This week, a survey shows that women are nearly twice as concerned about their future job prospects than men; plus, JPMorgan is the latest big company to ask workers to return to the office; a new survey finds work from home makes us more productive; bracing for the new world of AutoTech; and determining whether your data security is keeping pace with your remote workforce. Read this week’s trends from the world of work.

#1. Women are more concerned about future job prospects than men, study shows.

Women are much more likely to be concerned about their future job prospects than their male counterparts, according to a new report in a report by PricewaterhouseCoopers. A survey of more than 32,000 workers globally found that fewer than 29% of female workers feel positively about how the futurse world of work will affect them. Forty-five percent of men, on the other hand, reported feeling positively about their future job prospects. The study also found that workers from ethnic minority backgrounds are more likely to feel their current jobs could be made obsolete in the next five years due to advancing technology. Read more here .

Photo: CoWomen via Unsplash

#2. JPMorgan is the latest employer to insist workers return to the office in a few months.

The largest U.S. bank by assets told its workers this week that workers should plan on returning to the office this summer – at least on a part-time basis. Starting next month, the company plans to ramp up the number of employees allowed in offices, according to a report in CNBC. “We would fully expect that by early July, all U.S.-based employees will be in the office on a consistent rotational schedule, also subject to our current 50% occupancy cap,” the bank said in a memo sent Tuesday.

The company is one of several bigger institutions asking their employees to return. Among others, tech giants Facebook and Microsoft are starting to reopen offices and allowing staff to return. Read more here.

Photo: Dylan Nolte via Unsplash

#3. Work from home makes us much more productive, study finds.

Do employees work as well from their kitchen table as they do from their office desks? According to a report in Fortune, workers are, in fact, more productive when they work from home. Productivity in the U.S. economy is set to rise by 5%, mostly because workers have been saving time commuting. New technologies will help boost productivity in the long run, too. Read more here.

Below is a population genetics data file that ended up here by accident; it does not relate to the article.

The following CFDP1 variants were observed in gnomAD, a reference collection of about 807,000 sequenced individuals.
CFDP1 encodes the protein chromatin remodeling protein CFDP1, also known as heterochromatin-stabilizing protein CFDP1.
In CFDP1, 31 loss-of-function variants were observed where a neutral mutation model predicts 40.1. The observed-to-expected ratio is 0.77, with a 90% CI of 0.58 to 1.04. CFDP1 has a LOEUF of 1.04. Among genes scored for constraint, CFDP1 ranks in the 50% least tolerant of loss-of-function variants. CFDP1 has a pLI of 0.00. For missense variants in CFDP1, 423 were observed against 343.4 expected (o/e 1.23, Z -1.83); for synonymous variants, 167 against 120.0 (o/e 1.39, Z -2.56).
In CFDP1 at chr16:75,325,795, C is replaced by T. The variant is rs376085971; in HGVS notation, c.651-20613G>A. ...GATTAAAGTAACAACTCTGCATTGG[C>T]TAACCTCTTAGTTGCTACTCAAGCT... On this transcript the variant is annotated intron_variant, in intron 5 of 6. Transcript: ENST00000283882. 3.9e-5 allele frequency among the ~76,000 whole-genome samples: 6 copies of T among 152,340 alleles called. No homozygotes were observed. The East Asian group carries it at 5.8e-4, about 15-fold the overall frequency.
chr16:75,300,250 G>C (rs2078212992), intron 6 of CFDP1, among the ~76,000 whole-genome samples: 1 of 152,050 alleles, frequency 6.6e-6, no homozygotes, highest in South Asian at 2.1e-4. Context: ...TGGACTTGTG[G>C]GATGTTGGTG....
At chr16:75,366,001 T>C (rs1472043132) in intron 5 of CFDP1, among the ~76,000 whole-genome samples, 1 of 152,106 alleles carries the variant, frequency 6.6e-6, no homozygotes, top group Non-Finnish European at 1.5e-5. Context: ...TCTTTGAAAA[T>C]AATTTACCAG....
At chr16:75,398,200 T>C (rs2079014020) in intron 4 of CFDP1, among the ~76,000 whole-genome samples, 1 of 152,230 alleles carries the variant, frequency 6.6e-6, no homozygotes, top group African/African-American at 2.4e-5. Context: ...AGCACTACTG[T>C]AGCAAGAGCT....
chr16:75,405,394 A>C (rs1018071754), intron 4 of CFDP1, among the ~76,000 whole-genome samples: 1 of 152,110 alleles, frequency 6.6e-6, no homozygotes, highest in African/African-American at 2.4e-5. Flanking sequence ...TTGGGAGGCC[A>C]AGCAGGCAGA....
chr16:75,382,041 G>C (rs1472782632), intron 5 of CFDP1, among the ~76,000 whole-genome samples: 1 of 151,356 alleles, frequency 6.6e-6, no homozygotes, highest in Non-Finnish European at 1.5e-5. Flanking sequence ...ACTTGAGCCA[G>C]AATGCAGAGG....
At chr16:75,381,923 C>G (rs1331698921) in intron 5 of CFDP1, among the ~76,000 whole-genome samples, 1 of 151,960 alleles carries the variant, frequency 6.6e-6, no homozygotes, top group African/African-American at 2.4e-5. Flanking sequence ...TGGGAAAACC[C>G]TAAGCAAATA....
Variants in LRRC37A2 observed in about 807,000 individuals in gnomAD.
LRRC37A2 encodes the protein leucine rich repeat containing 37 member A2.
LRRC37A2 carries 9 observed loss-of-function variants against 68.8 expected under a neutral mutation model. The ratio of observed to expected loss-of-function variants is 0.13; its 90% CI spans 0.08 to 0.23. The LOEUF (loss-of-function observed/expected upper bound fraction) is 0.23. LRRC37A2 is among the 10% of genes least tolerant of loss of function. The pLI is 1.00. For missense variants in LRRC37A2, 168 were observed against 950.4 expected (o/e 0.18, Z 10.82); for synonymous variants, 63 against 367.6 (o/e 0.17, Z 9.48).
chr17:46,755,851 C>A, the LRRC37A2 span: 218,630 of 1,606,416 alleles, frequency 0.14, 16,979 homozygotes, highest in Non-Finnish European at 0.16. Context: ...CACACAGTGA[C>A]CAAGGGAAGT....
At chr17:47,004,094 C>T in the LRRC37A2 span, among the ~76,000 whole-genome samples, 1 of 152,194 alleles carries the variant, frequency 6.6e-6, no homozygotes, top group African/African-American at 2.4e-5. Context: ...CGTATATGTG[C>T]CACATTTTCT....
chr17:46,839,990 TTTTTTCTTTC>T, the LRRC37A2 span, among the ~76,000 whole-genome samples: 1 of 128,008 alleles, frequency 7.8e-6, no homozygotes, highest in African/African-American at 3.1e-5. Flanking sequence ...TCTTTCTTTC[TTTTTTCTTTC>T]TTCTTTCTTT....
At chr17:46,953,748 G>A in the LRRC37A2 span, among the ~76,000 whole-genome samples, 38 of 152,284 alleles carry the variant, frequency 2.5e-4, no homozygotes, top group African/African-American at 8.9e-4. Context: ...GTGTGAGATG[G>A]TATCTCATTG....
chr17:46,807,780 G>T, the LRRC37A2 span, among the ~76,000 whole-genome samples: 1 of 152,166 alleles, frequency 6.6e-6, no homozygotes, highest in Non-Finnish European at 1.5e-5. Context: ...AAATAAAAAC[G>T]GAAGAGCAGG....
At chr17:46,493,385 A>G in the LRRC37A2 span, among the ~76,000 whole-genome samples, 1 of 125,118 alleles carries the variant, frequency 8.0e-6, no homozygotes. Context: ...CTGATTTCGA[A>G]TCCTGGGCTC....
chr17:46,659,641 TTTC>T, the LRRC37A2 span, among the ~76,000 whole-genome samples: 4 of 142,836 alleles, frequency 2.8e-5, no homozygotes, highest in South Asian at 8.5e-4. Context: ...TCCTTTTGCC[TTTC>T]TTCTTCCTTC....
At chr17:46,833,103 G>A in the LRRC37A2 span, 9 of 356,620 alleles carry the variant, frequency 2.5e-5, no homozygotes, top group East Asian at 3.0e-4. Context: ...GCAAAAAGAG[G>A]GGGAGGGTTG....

Photo: Yasmina H via Unsplash

#4. Bracing for the new world of AutoTech.

From electric cars to autonomous vehicles, the automotive industry is quickly changing. The era that Henry Ford launched more than a century ago is coming to an end, and the AutoTech world is emerging. This new business and this new era of technology could upend the global automotive industry. One of the ways to start preparing the workforce for this massive change? Reskilling and upskilling global workers. Read more here.

As traditional automakers move to embrace new paradigms, it is becoming increasingly clear that building internal resilience and ensuring business continuity requires a deeper, more meaningful and holistic assessment of companies’ talent strategies, according to recent whitepaper from The Adecco Group. Our upcoming webinar takes a look at the changing world of the automotive industry – and how businesses can tackle it. RSVP here for the event on May 20.

Photo: Science in HD via Unsplash

#5. Is your data security keeping pace with your growing remote workforce?

Ever since the start of the pandemic, an influx of workers have been uploading, downloading, syncing, sharing, and messaging all day. Amid this shift towards flexible work, these new ways of working present a big challenge to data security. According to a report in Harvard Business Review, employees are 85% more likely to leak or lose files now than they were prior to the pandemic. Read more here.

Photo: Shahadat Rahman via Unsplash


News and Research